Wireless networks in the home are far more convenient than traditional wired ones, but they bring with them certain security risks. It’s important that you take precautions to stop people connecting to your network, or even changing your network settings without your knowledge.
Most wireless home networks are made up of a router – which you can access using a wireless-enabled computer – and a web browser. You can use the latter to access your router and change settings, including security settings.
If you don’t implement proper security measures, anyone within range (such as neighbours and passers-by) who has a wireless-enabled device could piggyback your broadband internet connection, or possibly gain access to your PC. So don’t forget to enable encryption – the process of encoding or scrambling messages – when you install your network.
Change a router's security settings and password
Each router is different, so refer to the manual that came with the router for security settings. But for general instructions, try the following:
Click on the Start button on your computer, then choose All Programs and launch Internet Explorer or another web browser. Enter the address of your router into the browser’s address bar.
This is a number listed in your router instruction manual. For many brands, the number you need to enter is 192.168.1.1. Press Enter.
You’ll see a page that looks like a webpage, which is hosted in the router. From here you can make changes to the router.
To change the default password, click the Administration tab (this may vary between routers). Some older routers come with weak passwords such as ‘admin’ that are easy to guess, so it's important to use a good one.
Encrypting a wireless network
Finally, you need to encrypt your network. Your router instruction manual should show you how.
There are two main kinds of encryption: WEP (Wired Equivalent Privacy) or WPA (Wi-Fi Protected Access). Both use a system that prevents any wireless device without the correct authentication key from accessing the network.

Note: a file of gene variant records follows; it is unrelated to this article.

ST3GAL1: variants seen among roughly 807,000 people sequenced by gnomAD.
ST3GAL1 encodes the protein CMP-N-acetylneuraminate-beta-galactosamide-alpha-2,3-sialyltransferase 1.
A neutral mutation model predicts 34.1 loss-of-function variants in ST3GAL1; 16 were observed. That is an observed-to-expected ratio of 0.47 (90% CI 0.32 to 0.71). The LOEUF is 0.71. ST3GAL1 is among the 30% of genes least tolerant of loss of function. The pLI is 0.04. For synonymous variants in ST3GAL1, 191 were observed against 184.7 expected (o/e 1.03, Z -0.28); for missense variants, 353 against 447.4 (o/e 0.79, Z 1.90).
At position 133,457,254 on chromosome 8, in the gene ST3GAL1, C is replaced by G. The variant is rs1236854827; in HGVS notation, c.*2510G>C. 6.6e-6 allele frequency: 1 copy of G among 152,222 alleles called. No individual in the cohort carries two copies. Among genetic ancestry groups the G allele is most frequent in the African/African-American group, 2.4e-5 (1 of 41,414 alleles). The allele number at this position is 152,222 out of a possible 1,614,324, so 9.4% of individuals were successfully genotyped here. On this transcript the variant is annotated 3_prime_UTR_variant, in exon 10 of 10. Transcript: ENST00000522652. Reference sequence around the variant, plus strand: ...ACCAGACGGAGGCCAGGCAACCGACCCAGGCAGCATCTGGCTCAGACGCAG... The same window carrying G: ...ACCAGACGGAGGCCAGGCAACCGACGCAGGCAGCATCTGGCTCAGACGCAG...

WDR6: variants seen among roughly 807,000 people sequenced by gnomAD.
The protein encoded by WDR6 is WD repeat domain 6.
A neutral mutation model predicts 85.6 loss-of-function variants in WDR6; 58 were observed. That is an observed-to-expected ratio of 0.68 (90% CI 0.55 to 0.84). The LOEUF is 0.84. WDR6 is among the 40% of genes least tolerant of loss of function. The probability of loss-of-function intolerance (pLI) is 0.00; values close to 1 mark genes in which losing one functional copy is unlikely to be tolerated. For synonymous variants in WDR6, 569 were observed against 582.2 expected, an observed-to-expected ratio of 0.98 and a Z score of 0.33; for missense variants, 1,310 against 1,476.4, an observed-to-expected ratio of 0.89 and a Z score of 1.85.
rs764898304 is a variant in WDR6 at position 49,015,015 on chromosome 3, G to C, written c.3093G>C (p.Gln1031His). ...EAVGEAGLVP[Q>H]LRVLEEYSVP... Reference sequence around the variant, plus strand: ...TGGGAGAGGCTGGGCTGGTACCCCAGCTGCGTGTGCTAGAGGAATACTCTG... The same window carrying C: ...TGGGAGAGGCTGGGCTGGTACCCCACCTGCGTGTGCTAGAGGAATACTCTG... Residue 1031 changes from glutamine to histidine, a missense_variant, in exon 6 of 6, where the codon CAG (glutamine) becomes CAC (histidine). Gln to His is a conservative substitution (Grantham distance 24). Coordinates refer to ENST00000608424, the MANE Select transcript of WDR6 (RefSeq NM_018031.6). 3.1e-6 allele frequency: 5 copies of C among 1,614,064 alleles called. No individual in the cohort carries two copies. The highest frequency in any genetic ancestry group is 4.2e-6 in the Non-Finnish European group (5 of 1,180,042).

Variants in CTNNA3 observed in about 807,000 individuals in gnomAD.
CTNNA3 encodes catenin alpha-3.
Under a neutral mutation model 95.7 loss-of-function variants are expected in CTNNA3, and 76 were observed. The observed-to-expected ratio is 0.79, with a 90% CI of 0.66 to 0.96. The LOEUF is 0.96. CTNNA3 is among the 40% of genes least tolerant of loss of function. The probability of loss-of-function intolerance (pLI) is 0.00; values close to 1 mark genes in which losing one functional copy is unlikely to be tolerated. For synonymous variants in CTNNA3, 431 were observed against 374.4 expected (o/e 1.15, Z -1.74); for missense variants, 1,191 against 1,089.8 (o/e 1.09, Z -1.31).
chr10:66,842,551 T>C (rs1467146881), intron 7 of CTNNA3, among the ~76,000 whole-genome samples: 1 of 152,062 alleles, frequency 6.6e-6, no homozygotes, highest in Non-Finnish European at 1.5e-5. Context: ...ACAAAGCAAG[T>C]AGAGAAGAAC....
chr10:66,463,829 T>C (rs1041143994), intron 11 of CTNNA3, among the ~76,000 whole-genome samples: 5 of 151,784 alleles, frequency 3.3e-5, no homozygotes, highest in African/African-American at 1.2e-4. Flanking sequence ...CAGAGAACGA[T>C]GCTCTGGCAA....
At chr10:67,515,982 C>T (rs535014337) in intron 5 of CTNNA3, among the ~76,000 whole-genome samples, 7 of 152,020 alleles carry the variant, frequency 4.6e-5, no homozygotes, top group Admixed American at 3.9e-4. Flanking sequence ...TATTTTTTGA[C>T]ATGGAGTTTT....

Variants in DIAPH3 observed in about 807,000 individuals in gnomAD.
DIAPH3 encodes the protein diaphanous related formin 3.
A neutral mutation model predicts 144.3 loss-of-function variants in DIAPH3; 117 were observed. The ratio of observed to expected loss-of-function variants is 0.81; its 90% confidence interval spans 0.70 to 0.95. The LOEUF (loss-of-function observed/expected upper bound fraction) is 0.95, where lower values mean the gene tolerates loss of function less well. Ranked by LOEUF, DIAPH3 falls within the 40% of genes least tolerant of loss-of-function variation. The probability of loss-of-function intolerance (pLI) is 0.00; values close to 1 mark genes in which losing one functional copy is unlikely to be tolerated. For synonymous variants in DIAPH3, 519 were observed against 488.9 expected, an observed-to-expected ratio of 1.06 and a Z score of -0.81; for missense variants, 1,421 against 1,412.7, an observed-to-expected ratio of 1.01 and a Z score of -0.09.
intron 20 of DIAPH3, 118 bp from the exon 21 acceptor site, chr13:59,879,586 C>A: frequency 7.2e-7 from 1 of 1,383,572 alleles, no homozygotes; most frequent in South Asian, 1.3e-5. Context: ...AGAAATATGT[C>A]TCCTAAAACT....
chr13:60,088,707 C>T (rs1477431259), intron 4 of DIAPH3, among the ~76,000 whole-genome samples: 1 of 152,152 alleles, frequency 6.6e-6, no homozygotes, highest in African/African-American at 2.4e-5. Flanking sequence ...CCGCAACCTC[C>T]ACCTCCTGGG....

WPA is newer and slightly stronger, as it scrambles the encryption key, but check first that all the devices on your network can use it before choosing this option.
The first step is to turn on encryption on your wireless router by going to the configuration utility, locating the security settings and following the instructions there.
Once you’ve done this, make a note of the authorisation key, and type this in when asked to during the setup for each of your other wireless devices.
Renaming a wireless network
All wireless networks have a name (sometimes called the SSID) that you can change when you set up your router. Change it to something that doesn’t give any clues to your identity or to the type of router that you’re using. For example, don’t call it by the name of your router. Make sure you keep a note of the new name, ideally taped to the router itself.
Advanced Tip: You can also tell the router not to broadcast the network name (or SSID). This makes it more difficult for anyone looking for a network to connect to it. If you won’t often be connecting new devices to your network, consider turning off the router’s broadcast SSID option. The downside to this is it can make it much more difficult even for you to connect new devices, or reconnect old devices if their settings are wiped (after a software upgrade, for instance). That's because you have to manually type in the SSID to search for it - make sure you note down the SSID name if you decide not to broadcast it.